This fall, as the latest crop of freshmen arrives on university campuses across the country, many students will find themselves debating similar questions, and not only in early-morning 101 courses. In dining halls and dorm rooms, as they come together with people of vastly different backgrounds and perspectives, they’ll continue the typical college traditions of late nights, long conversations and self-discovery. And when they graduate, they will face a challenge much steeper than any college exam or doctoral dissertation -- carrying that spirit of inquiry with them into the real world.
Statistical and anecdotal evidence suggests this is easier said than done. According to the Bureau of Labor Statistics, which takes an annual measure of how Americans use their time, the average person spends about 45 minutes daily “socializing and communicating.” Watching TV, meanwhile, accounts for nearly three hours of the average American’s day. And today’s laptop-scattered coffee shops don't seem to foster environments of conversation and debate, like the salons of France, often credited with incubating philosophical discussions that ushered in the Age of Reason, or the cafe culture, a backdrop for the Existentialist musings of Jean-Paul Sartre and his contemporaries.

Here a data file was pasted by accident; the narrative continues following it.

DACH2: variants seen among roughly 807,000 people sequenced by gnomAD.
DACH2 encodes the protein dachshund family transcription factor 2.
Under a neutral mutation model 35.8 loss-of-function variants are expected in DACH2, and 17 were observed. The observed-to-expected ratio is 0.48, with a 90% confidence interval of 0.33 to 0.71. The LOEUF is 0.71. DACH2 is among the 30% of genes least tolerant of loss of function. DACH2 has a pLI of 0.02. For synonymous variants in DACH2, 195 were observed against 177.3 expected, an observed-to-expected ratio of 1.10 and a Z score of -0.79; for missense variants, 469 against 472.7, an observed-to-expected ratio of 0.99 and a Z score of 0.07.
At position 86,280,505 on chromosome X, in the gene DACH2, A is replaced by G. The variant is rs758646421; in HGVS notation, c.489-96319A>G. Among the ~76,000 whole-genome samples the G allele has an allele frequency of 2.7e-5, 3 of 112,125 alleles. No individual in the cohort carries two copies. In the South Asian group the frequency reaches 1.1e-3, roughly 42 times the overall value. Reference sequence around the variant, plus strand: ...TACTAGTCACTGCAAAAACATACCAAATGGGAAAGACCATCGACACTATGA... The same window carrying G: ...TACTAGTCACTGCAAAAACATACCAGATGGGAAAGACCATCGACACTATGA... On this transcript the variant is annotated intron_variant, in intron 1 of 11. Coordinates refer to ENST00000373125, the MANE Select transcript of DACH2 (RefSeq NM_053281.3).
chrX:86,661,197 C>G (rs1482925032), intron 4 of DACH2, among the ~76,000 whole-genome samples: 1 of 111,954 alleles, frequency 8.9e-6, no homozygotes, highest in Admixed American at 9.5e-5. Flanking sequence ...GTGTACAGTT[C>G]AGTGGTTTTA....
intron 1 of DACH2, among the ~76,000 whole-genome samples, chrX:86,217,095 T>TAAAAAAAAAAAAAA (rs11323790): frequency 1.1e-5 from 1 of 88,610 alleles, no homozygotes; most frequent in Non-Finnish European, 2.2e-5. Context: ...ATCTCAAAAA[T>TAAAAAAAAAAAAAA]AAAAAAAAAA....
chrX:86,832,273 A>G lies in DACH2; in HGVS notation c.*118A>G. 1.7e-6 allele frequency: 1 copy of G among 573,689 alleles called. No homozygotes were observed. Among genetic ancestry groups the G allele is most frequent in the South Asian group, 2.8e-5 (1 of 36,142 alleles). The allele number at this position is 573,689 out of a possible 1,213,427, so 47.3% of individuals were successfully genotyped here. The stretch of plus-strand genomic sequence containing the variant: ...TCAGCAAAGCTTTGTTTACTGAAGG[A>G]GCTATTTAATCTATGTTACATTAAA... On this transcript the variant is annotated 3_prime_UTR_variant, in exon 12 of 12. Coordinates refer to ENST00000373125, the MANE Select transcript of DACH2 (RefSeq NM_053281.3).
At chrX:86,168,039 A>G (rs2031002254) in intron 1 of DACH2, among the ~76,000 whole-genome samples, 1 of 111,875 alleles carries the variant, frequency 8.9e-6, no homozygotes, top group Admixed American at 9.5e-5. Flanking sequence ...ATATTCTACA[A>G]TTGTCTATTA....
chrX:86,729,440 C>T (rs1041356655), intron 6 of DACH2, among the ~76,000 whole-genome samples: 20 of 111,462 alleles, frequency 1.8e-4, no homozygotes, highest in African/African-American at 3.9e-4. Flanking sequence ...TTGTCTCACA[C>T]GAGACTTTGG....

Of course, it’s much easier to measure TV-watching than America's intellectual engagement and introspection. But for some time, scholars and observers have been documenting, often with alarm, a shift from a society structured around social gatherings to a culture of technology-driven individualism -- or, depending on your point of view, isolation. Writing more than a decade ago in Bowling Alone, Harvard public policy professor Robert D. Putnam documented the erosion of Americans’ participation in community clubs -- like bowling leagues and civic organizations -- and the disengagement from society and the self that it fostered. More recently in Alone Together, Massachusetts Institute of Technology clinical psychologist Sherry Turkle, who studies the impact of technology on social relations, examined how hyperconnected-ness has created relationships where we have the “illusion of companionship” without the “demands of friendship.”